The top executive coach isn’t for hire. That’s because it’s not who you think. According to the Wall Street Journal (Sunday, Nov 16-17, p B2), it’s Queen Elizabeth. In her 67 years on the throne, she has met weekly with 14 prime ministers. These meetings are absolutely confidential. The queen is not allowed to comment publicly on matters of state, but that does not prevent her from offering her views in private. According to her own reflections and a few comments from prime ministers, she focuses more on asking questions and providing a safe space for these leaders to talk about the challenges they are facing. She has massive knowledge of both world history and current events, which enables her to provide a perspective both deep and broad.
It does sound like really superb executive coaching. Some of the key elements are the confidentiality of the conversations, her emphasis on asking the right questions, and the knowledge and experience she brings to the conversation. In addition, the fact she is not the prime ministers’ boss and cannot publicly take sides on the issues means she can provide a safe and neutral ground for them to explore the topics at hand.
The article also touches on another key issue in executive coaching – “The problem with external coaches … is that they’re usually more interested in the client than the institution.” This is a key issue that coaches need to be very clear about. We are certainly working for the person in the room, but we also have a responsibility to the organization that hired us to do this work. We have an obligation to deeply understand the organization – how it does business, who are the key players, what is the company culture, what challenges is the business facing — while we keep in mind that our job is to provide productive guidance for both the individual and the organization. I am concerned that some of my colleagues focus solely on the individual they are coaching and neglect their responsibilities to the organizations.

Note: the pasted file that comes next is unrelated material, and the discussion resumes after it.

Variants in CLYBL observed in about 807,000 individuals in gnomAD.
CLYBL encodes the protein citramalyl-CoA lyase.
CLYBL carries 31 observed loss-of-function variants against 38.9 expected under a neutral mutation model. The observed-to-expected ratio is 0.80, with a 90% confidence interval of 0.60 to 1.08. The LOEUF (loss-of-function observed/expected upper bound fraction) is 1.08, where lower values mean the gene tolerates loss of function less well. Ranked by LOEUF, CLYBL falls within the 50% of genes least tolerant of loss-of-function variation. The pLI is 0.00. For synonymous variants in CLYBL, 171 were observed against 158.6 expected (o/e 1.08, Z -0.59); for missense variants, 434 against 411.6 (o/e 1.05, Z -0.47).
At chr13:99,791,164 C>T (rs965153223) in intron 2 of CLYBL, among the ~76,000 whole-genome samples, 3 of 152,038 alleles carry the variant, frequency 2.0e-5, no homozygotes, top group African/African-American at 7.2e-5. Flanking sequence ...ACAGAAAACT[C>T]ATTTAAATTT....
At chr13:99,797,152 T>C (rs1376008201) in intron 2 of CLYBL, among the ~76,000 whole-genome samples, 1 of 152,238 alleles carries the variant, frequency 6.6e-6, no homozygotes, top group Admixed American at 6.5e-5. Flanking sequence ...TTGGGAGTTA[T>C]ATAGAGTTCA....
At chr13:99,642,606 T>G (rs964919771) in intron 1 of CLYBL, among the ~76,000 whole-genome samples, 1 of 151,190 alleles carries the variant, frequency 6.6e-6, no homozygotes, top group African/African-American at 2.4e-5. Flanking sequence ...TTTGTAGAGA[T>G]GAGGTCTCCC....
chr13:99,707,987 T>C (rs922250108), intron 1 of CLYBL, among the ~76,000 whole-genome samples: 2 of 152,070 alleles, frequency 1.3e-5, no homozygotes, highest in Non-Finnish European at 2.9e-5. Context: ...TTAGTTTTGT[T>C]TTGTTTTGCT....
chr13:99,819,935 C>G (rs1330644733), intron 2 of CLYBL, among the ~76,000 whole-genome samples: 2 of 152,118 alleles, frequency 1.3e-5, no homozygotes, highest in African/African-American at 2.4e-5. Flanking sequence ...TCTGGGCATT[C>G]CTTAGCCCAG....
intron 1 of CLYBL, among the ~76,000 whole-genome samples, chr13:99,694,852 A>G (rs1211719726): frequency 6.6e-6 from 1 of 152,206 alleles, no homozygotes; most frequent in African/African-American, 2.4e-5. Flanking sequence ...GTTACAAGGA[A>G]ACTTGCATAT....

Unfortunately, very few people will have the opportunity to be coached by Queen Elizabeth. But the good news is that there are many effective impactful coaches out there. According to the WSJ, 71% of business leaders who employ coaches believe coaching improved the performance of their company, and 60% reported that they made better decisions as a result of the coaching.
If you would like to experience the benefits of executive coaching for yourself or your organization, contact us at email@example.com